We don’t like to think that we’re racist. We prefer to believe that racism was a southern problem and that it ended when President Johnson signed those laws. After all, we know mixed race couples, have black friends, and even elected an African-American President. We’re so much more enlightened than we used to be, right? It’s progress, sure, but if a black man doesn’t feel safe innocently driving around town, we still have a problem. If sports teams’ money and “traditions” are more valued than an entire race of people whose feelings are hurt by a racial slur, we still have a problem. If race limits employment or educational opportunities for anyone, we still have a problem.

I know the answer. And no, I’m not going to say, “can’t we all just get along?”though it is that simple, it’s not that easy.

The answer is, “Let us examine our ways and test them, and let us return to the Lord” (Lamentations 3:40).

  1. Examine your heart: I know you’re a good person with good intentions, but see if there is any aspect of your life where you can be judgmental or self-serving. Really look deep, past the layer of tolerance, and see if in your heart of hearts you have followed God’s commands to seek justice, to fight for the powerless and abused, to share with others who are not like you. It’s not easy, but we have to get past excusing ourselves and even patting ourselves on the back for getting away from de jure segregation when the residue of de facto segregation still remains and clutters our hearts.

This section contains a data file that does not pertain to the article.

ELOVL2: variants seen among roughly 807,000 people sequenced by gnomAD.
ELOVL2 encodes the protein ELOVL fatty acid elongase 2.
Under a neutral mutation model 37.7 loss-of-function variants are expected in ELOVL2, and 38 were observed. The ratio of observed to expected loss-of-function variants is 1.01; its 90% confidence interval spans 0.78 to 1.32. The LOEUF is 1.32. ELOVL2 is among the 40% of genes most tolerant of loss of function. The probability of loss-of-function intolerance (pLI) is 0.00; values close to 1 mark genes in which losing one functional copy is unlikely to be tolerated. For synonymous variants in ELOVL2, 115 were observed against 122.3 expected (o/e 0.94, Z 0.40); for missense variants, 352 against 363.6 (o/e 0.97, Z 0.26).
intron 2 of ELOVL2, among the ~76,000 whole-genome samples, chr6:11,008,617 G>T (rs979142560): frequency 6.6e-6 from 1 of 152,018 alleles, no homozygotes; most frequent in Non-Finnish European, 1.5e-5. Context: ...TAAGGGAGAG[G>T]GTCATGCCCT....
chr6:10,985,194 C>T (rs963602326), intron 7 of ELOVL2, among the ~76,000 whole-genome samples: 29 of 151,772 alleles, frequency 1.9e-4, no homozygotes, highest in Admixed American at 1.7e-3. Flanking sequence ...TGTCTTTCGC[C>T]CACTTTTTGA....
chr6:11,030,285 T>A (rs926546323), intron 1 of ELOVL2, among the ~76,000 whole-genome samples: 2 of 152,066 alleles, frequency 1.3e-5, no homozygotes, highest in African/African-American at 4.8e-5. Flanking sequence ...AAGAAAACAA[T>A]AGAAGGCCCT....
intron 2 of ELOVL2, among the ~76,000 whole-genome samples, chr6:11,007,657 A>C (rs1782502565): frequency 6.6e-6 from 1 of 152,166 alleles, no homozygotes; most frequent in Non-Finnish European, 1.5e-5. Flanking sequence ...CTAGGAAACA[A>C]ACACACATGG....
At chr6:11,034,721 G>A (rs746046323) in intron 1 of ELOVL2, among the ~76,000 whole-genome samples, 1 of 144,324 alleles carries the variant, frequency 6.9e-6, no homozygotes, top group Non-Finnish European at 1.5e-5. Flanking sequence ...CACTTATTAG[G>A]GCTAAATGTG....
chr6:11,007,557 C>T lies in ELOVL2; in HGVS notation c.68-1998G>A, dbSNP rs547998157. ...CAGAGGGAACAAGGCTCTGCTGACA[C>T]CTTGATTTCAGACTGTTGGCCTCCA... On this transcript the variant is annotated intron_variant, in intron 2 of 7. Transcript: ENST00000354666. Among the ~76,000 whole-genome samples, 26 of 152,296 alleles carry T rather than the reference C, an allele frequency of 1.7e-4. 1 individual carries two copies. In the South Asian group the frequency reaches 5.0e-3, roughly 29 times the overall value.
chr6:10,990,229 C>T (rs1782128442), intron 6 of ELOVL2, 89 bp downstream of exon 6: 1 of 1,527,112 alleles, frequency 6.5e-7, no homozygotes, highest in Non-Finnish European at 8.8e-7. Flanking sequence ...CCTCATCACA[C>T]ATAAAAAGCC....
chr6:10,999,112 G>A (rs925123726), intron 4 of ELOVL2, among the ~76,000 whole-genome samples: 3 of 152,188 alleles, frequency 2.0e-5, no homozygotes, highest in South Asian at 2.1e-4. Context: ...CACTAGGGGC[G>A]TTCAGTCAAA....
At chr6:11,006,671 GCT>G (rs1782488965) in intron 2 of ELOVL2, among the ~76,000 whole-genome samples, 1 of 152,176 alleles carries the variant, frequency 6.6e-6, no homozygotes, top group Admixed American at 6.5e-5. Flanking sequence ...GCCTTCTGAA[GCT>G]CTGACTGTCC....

2. Take responsibility: After you have examined yourself, resist the urge to blame society or your parents or whatever made you who you are, and start taking responsibility for your own attitudes and actions. Recognize your imperfections and commit to change. You’re not a bad person or a racist, but I’ll bet you make snap judgments now and then. I know I do. The first step to healing is to admit that there is a problem, even if it’s a small one.
  3. Get involved: Now, I’m not saying you have to go out and protest, and I’m definitely not advocating violence. What I am suggesting is that you start giving of yourself to love people who are not like you. Get to know your immigrant neighbor. Write a letter to your elected officials. Give or serve with an organization that fights for justice or creates opportunity. And most of all, pray.
    If you spend time on behalf of another, it will change your heart. You will stop seeing “other” or “threat” and start seeing “child of God.” If you get to know someone, serve, and pray, you will learn to love.

If you have something to say about current events (and it seems like EVERYONE has A LOT to say these days), feel free to leave a comment. You don’t have to agree with me, I’m open to discussing different opinions, but you do have to be respectful. I will remove comments that I deem to be offensive or rude.